What Are On-the-Run Treasuries?
Treasuries are government bonds that are issued for a set period of time. The newest set of Treasuries are known as on-the-run Treasuries, while the previously issued ones are referred to as off-the-run Treasuries. When the government issues a new set of Treasuries for sale, the older ones become off-the-run. This means that they are still outstanding but are no longer the most recent issue.
The latest U.S. Treasury bonds or notes within a specific maturity define On-the-run Treasuries. In contrast, "off-the-run" Treasuries encompass previously issued and outstanding Treasury securities before the latest release. Media discussions on Treasury yields and prices typically center around on-the-run Treasuries.
How Do On-the-Run Treasuries Work?
The most actively traded Treasury security within its maturity is the on-the-run bond or note. Due to their high liquidity, on-the-run issues typically command a slight premium, resulting in a slightly lower yield compared to their off-the-run counterparts. Traders often capitalize on this price differential through an arbitrage strategy, selling or shorting on-the-run Treasuries while purchasing off-the-run equivalents.
Treasuries, being debts owed by the Federal Government, are considered a lower-risk investment option. Issued to generate revenue for government expenses, the latest batch of created and sold Treasuries assumes the status of on-the-run Treasuries.
On-the-Run vs. Off-the-Run Treasuries
The transition from on-the-run to off-the-run status occurs when a newer set of Treasuries is introduced for sale. For instance, if one-year Treasury notes are issued today, they become the current on-the-run Treasuries.
Subsequent Treasury note issuances designate the new on-the-run Treasuries, rendering the previously issued ones as off-the-run. This cycle persists with each new batch, where any group other than the latest run is considered off-the-run until maturity.
On-the-run Treasuries, being the most actively traded at any given time, command a higher initial cost and lower yield than off-the-run notes due to increased activity. This enhanced liquidity makes on-the-run options more accessible for buyers compared to off-the-run alternatives, leading to a prevalence of hedging-related investments rather than longer-term commitments.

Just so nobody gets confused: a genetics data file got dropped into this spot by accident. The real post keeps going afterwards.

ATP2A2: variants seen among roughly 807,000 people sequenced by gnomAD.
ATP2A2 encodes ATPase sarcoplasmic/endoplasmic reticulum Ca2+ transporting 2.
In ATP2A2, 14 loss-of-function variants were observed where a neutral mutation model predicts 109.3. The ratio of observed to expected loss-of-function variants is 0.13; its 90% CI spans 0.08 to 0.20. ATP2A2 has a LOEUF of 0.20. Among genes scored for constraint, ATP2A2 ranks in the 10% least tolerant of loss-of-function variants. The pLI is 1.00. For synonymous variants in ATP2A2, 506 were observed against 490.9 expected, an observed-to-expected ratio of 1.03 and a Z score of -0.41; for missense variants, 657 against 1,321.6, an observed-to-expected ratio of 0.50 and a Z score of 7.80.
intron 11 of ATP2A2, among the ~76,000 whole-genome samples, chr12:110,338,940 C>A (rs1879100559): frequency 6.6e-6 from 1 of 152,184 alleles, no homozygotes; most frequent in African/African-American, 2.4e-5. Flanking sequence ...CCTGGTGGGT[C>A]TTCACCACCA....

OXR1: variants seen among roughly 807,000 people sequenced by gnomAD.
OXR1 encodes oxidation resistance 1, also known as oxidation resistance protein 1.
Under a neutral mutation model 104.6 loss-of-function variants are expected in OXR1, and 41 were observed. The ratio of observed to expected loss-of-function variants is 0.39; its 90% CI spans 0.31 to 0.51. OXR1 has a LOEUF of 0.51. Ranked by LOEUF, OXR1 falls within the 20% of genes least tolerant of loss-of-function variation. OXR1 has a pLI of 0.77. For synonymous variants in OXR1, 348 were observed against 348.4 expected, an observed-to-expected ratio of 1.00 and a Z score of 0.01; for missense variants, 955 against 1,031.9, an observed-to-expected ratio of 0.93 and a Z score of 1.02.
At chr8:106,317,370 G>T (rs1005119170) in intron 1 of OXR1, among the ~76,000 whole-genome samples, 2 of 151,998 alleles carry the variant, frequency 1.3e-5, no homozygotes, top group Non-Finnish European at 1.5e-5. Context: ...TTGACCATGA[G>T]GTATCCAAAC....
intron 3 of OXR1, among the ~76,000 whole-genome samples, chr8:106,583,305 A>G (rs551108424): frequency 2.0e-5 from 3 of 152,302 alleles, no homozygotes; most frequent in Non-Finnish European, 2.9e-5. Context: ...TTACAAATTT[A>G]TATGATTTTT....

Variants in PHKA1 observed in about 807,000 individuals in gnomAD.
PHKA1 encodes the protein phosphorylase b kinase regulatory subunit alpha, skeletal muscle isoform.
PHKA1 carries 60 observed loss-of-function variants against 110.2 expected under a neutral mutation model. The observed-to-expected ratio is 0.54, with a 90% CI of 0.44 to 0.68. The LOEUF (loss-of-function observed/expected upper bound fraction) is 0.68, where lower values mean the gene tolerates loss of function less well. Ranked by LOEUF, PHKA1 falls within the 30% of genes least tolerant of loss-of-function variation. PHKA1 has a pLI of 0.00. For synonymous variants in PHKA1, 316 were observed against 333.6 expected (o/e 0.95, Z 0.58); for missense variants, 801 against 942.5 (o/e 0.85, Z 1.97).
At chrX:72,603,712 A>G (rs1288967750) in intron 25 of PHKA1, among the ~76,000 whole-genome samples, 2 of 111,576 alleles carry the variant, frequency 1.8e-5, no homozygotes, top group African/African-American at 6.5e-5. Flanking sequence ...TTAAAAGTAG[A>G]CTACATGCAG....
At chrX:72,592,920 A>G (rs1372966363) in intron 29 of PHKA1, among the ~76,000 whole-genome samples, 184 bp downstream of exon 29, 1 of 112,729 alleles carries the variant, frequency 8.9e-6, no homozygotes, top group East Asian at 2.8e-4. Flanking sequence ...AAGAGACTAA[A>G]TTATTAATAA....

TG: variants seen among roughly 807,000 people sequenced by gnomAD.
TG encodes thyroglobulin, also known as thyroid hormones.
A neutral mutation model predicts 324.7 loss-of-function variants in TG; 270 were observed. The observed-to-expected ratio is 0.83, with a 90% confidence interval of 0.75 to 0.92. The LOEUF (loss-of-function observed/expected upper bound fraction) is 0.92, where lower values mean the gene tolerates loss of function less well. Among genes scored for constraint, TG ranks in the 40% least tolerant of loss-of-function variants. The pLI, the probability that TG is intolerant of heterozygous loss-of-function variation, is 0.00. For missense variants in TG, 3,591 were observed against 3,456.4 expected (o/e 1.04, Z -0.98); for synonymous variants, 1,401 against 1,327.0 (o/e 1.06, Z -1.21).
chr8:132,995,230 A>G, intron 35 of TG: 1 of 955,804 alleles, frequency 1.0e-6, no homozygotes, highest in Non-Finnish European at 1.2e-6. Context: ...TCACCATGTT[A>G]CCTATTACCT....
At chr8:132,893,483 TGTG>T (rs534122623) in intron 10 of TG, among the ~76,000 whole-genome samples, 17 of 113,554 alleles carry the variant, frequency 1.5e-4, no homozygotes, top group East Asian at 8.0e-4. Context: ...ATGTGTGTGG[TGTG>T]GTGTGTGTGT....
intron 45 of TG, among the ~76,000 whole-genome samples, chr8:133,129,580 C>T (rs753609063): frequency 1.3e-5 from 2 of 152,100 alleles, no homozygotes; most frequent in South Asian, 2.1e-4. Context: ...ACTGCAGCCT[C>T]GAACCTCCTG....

Long-term investors, aiming for comparable returns or interest rates, may opt against purchasing on-the-run Treasuries at a premium. The price gap between on-the-run and off-the-run Treasuries, often termed the liquidity premium, reflects the higher cost of more liquid Treasuries. Investors not prioritizing liquidity may seek more cost-effective alternatives.
Pros and Cons of On-the-Run Treasuries
On-the-run Treasuries, being less abundant than off-the-run counterparts, constitute a limited portion of the Treasury landscape, with new issuances forming a small fraction. Consequently, on-the-run securities often command higher prices and yield lower returns.
These on-the-run securities, heavily traded in the secondary market, exhibit high liquidity. In contrast, liquidity for off-the-run Treasuries is comparatively lower, given their existing ownership by investors. Although on-the-run Treasuries carry a liquidity premium, investors seeking alternatives to the latest issues may find more favorable terms with off-the-run Treasuries.
Treasuries, government bonds with set periods, encompass on-the-run and off-the-run categories. On-the-run Treasuries, the latest issues, command higher prices and lower yields due to limited availability and increased liquidity. This liquidity premium, however, may not align with the preferences of investors prioritizing cost-effectiveness over immediacy. Off-the-run Treasuries, though less actively traded, offer more favorable terms for those seeking alternatives to the most recent issues.